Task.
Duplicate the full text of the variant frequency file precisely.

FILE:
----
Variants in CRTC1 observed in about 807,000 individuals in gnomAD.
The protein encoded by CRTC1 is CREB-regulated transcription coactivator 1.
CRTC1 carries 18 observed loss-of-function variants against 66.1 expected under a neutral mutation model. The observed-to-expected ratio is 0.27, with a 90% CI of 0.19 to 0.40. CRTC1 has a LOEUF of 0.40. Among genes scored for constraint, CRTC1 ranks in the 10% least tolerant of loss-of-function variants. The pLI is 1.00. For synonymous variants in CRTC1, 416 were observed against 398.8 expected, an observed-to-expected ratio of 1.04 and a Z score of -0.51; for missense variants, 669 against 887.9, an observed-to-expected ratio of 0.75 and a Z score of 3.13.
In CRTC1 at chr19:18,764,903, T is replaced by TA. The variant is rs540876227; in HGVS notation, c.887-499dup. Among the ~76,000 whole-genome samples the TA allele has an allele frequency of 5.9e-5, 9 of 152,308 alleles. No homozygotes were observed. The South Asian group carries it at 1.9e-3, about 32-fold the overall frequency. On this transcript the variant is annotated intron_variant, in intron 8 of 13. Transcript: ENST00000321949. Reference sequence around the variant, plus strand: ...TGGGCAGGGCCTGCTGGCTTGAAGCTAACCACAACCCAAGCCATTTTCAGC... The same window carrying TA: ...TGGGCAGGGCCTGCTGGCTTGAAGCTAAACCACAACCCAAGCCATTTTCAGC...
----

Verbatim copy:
Variants in CRTC1 observed in about 807,000 individuals in gnomAD.
The protein encoded by CRTC1 is CREB-regulated transcription coactivator 1.
CRTC1 carries 18 observed loss-of-function variants against 66.1 expected under a neutral mutation model. The observed-to-expected ratio is 0.27, with a 90% CI of 0.19 to 0.40. CRTC1 has a LOEUF of 0.40. Among genes scored for constraint, CRTC1 ranks in the 10% least tolerant of loss-of-function variants. The pLI is 1.00. For synonymous variants in CRTC1, 416 were observed against 398.8 expected, an observed-to-expected ratio of 1.04 and a Z score of -0.51; for missense variants, 669 against 887.9, an observed-to-expected ratio of 0.75 and a Z score of 3.13.
In CRTC1 at chr19:18,764,903, T is replaced by TA. The variant is rs540876227; in HGVS notation, c.887-499dup. Among the ~76,000 whole-genome samples the TA allele has an allele frequency of 5.9e-5, 9 of 152,308 alleles. No homozygotes were observed. The South Asian group carries it at 1.9e-3, about 32-fold the overall frequency. On this transcript the variant is annotated intron_variant, in intron 8 of 13. Transcript: ENST00000321949. Reference sequence around the variant, plus strand: ...TGGGCAGGGCCTGCTGGCTTGAAGCTAACCACAACCCAAGCCATTTTCAGC... The same window carrying TA: ...TGGGCAGGGCCTGCTGGCTTGAAGCTAAACCACAACCCAAGCCATTTTCAGC...